My hopes for a better 2024 for primary care have been dashed by recent announcements and events, and it’s only early February!
The financial state of our sector continues to be challenging to say the least, with pressures coming from all sides, and unless we do something about it now, we will see practices going to the wall. Let’s look at just a few issues:
Faced with a 9.8% rise in the minimum wage from April 2024, the offer of a 1.9% increase in the GMS payment is derisory.
Are they serious? Or is this a repeat of last year’s fiasco when the GMS was increased in April and then increased again later in the year, backdated to April? Even then the increase did not cover the full increase for the minimum wage, and the increase for salaried clinicians.
How can we set our budgets in-house for the year starting April 2024 when we have little idea of the final figure being given, and whether it is likely to match the full staff cost increases in running a surgery?
Heat and Light
A lot of surgeries are coming out of fixed-term energy contracts this year and will be faced with large increases in heat and light on their premises. For many practices already on the brink financially, this could push them over the edge.
Last year it was stipulated that surgeries had to update their telephone systems to cloud-based ones. The cost of this again is to be borne by the practices at many thousands of pounds.
The rollout has been chaotic, with promises being made of financial and organisational assistance in the project falling far short of any help and now leading to a last-minute scramble to beat the deadline.
In some areas, pressure was put on practices to sign up before 15th December 2023 with a new provider. There was then an announcement that financial help was available, but only to those practices that had not signed up before 15th December.
My practice did not sign up purely because we could not get the contract from the procurement hub and so we may get some money, but even at the end of January, we have no idea of the amount. Is it right that practices do not get any funding for signing up early?
The millions of pounds of waste within the government and the NHS are eye-watering. I have repeatedly said that I feel we are being governed by people with no idea of reality. If it were their money, they would be more prudent and have more sensible ideas - but it is our money, and they should be more responsible.
We should expect better, and before anyone says I am blaming the current government, I am referring to all governments over the last 50 years of failing in their duty to conduct all matters of finance properly.
What Can We Do?
We should not just stand by and take whatever is thrown at us. There must be a point that we say, “Enough is Enough” and we need to take some action, now, before it is too late. I hear the usual groans that we are powerless, as morally it would be wrong for primary care to go on strike, and I understand that. But there should be a campaign across the country to put our case forward:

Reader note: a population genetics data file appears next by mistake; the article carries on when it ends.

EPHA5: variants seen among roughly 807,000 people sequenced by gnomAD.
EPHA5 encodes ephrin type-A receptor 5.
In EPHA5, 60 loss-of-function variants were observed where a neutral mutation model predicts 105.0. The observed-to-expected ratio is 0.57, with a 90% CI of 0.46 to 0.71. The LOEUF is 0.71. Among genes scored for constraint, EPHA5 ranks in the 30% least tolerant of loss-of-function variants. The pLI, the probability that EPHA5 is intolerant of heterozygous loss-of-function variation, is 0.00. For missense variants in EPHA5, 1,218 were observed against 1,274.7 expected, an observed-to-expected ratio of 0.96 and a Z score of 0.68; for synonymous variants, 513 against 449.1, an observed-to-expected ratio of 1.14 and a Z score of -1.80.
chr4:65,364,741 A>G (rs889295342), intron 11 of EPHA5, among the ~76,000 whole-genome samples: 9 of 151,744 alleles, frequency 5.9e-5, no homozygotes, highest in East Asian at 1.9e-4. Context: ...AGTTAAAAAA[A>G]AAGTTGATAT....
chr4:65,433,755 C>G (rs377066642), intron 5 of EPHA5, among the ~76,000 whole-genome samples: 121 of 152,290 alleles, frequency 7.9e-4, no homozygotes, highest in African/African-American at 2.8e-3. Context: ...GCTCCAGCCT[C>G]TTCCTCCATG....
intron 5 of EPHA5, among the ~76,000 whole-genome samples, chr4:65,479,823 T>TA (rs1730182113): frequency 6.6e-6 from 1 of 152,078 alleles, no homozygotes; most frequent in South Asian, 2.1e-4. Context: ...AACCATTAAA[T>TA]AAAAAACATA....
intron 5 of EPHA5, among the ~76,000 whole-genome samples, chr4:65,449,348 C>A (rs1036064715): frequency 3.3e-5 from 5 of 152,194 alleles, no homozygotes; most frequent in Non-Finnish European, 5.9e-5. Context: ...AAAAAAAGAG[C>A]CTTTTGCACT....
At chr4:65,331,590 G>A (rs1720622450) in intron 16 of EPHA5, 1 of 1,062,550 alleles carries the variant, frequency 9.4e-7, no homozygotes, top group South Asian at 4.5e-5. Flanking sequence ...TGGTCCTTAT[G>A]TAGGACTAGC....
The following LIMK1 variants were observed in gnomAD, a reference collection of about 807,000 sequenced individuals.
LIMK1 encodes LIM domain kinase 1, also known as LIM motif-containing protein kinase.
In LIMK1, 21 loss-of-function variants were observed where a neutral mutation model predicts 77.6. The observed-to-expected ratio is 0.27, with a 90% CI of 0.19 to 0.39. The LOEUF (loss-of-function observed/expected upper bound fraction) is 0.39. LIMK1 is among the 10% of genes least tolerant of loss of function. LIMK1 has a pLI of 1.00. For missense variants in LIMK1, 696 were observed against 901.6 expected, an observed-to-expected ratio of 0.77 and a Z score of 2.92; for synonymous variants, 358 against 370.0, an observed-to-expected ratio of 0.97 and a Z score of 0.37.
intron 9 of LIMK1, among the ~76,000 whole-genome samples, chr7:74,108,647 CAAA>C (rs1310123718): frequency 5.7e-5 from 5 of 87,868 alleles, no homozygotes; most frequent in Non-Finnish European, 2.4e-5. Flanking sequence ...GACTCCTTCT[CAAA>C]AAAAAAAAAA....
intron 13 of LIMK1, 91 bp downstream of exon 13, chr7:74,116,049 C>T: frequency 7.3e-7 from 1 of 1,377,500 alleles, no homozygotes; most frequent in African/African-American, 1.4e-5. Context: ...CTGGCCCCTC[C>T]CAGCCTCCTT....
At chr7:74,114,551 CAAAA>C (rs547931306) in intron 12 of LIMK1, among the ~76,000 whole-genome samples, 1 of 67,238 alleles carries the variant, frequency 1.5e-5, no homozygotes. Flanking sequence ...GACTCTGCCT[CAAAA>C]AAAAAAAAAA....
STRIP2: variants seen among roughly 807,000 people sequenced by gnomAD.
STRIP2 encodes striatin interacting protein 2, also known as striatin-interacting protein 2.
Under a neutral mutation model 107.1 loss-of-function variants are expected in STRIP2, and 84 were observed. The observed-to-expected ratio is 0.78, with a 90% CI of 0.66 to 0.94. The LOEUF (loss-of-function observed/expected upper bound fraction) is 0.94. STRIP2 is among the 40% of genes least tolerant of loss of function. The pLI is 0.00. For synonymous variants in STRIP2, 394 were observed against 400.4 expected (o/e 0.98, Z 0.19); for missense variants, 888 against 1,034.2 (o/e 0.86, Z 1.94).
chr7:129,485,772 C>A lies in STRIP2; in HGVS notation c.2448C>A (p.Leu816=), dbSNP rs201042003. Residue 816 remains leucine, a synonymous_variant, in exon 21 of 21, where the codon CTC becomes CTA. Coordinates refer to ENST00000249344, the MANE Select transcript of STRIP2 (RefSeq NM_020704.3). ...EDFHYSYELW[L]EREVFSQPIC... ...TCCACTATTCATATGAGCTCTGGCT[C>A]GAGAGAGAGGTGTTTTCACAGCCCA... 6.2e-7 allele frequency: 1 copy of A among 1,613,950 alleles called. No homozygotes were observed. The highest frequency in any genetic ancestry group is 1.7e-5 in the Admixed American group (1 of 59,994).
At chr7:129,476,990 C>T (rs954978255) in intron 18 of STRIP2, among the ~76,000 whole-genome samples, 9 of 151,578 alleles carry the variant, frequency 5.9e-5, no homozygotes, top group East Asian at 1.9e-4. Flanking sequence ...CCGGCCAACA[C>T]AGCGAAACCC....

- We should all publish our statistics showing how many appointments we offer on our websites, and we should show how our funding has been reduced in real terms over many years, and it is just not this government’s fault but successive governments.
- We can highlight how many GP practice closures have happened over the years, and the fact that for each closure, local practices must pick up those patients, and that adds extra pressure.
- We need to disprove the inaccurate claims made by the government as to how many new doctors and nurses there are, and how the waiting lists are coming down.
- We need to say that most surgeries worked through COVID-19 and are performing better now than before COVID-19.
- We need to explain how our Econsults work, how they benefit patients, and explain all the new types of clinicians being used and how they work and are supervised.
- We must emphasise that these are all NHS initiatives, and that the NHS must change. Patient should also be told about all the red tape that exists, taking GPs away from the day job.
As practices we need to get publicity when events happen, as the press and TV are always interested in a story. The recent case of a surgery having to take a seriously ill patient to hospital after a 3-hour wait for an ambulance that did not turn up, did attract the news, and attracted feedback and support.
Finally, we need to get the message across that all these financial pressures are put on partners of GP practices that take all the risk, and either benefit or are penalised by all these events.
I am not saying that this will be a magic cure, but we need to bring our patients into the issue, as many will support us as most surgeries do offer good service.